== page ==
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Post subject: GMAT Geometry Posted: Mon Feb 21, 2011 6:55 pm 

Joined: Sun May 30, 2010 3:15 am Posts: 424

Let q represent the integer length of a side of a triangle. If r represents the number of distinct values for q such that we can create a triangle with lengths q, 9, and 13, what is the value of r? A. 5 B. 17 C. 18 D. 22 E. 29
(B) From the triangle inequality rule, the sum of the lengths of any two sides of a triangle must be greater than the length of the third side. So, the three inequalities are q + 9 > 13, 9 + 13 > q, and q + 13 > 9.
The third equation holds for any positive value of q. So solve the first two inequalities for q, so q > 4 and 22 > q. So the value of q is 4 < q < 22.
Since the lengths of the sides of the triangle are of integer value, the lowest possible integer/side can be 5 and the highest possible integer/side can be 21 (q = 5, 6, 7, 8, 9 ..., 19, 20, or 21). So, r, the number of numbers in this set, must equal 21 – (5 – 1) = 17. The correct answer is B.  Why don't you solve the third equation so that 4 < q < 22? (thus becoming 0 < q < 22)


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Gennadiy

Post subject: Re: math (test 1, question 22): geometry, inequalities Posted: Mon Feb 21, 2011 7:19 pm 

Joined: Sun May 30, 2010 2:23 am Posts: 498

Solving the third inequality doesn't give us anything new. We know that q > 0 from the original statement.
The range for q must comply with all three inequalities, NOT just some of them. The first inequality, q + 9 > 13, yields q > 4. Therefore in the solution range q must be greater than 4. You can check that q = 1, 2, 3 or 4 do not fit in the first inequality, q + 9 > 13.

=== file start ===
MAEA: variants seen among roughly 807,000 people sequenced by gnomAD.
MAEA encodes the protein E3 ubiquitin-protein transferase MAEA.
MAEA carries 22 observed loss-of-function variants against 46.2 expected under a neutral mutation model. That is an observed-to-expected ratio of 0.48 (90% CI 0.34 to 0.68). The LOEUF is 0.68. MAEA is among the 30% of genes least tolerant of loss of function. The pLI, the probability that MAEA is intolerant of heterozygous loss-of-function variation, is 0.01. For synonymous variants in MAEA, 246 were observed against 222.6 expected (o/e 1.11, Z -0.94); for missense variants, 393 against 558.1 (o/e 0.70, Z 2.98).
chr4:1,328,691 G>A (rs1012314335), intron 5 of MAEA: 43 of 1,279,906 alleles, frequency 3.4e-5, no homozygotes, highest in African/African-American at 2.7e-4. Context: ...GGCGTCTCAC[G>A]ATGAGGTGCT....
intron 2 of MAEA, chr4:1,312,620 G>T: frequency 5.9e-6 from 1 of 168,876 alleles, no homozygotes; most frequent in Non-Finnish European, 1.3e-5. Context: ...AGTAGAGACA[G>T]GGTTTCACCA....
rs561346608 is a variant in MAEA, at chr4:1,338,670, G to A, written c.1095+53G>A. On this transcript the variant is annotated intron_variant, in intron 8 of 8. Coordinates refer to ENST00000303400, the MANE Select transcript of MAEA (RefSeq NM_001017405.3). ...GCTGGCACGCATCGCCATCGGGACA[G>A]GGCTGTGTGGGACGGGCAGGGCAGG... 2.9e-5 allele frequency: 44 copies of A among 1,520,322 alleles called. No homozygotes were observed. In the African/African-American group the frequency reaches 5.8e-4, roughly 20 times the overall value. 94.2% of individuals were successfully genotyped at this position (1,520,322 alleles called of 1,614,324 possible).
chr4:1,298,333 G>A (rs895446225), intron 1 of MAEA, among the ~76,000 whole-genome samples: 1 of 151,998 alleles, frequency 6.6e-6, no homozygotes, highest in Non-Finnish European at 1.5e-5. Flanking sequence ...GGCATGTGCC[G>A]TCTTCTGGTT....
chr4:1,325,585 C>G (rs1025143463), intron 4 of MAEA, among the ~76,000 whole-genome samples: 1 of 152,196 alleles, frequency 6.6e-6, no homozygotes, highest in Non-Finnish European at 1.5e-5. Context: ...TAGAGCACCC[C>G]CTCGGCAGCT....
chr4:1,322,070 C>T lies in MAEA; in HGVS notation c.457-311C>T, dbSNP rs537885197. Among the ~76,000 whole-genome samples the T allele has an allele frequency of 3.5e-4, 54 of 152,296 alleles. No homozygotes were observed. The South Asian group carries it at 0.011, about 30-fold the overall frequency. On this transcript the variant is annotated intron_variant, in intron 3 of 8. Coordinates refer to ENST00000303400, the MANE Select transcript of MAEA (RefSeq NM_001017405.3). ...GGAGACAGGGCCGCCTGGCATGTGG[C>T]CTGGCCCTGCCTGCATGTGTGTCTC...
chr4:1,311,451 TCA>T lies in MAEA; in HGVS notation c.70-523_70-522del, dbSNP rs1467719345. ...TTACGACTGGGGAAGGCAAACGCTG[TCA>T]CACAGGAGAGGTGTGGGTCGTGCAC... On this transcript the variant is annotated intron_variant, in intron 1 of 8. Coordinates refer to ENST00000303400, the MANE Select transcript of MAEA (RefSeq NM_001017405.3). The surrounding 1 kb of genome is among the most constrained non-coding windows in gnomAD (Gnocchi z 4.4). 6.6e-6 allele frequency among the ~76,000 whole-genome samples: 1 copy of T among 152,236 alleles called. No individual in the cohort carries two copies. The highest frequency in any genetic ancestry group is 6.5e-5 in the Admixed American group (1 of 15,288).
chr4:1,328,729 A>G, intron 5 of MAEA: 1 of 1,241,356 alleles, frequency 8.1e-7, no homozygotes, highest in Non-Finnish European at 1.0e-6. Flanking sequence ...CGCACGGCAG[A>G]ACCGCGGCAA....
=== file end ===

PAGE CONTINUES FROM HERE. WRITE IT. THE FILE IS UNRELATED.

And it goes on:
The set of all the possible values of q is {5, 6, 7, ... ,20, 21}.


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lizonnat

Post subject: Re: math (test 1, question 22): geometry, inequalities Posted: Wed Mar 02, 2011 5:44 pm 

Joined: Wed Mar 02, 2011 5:30 pm Posts: 2

Ok great thanks, I see it now.
P.s. why is the formula to determine the number of numbers in a set equal to (last number  first number + 1 ) ?


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Gennadiy

Post subject: Re: math (test 1, question 22): geometry, inequalities Posted: Sat Mar 12, 2011 6:15 am 

Joined: Sun May 30, 2010 2:23 am Posts: 498

When we count the number of consecutive integers from m to k inclusive, we use the following formula:
k – (m – 1) I advise you to remember it in this way and here is the explanation:
Imagine we count consecutive integers from 1 to n. It's clear that there are n such integers. (Note, by the way, that n = n – (1 – 1), NOT n = n – 1)
If we number the elements of the set {m, m+1, ..., k – 1, k} by 1, 2, ... the last integer will be k – (m – 1), because any integer that we number an element with is (m – 1) units less than that element.
m, m + 1, m + 2, ..., k – 1, k 1, 2, 3, ... , (k – 1) – (m – 1), k – (m – 1)
Similarly, as with consecutive integers from 1 to n, the're k – (m – 1) such integers.


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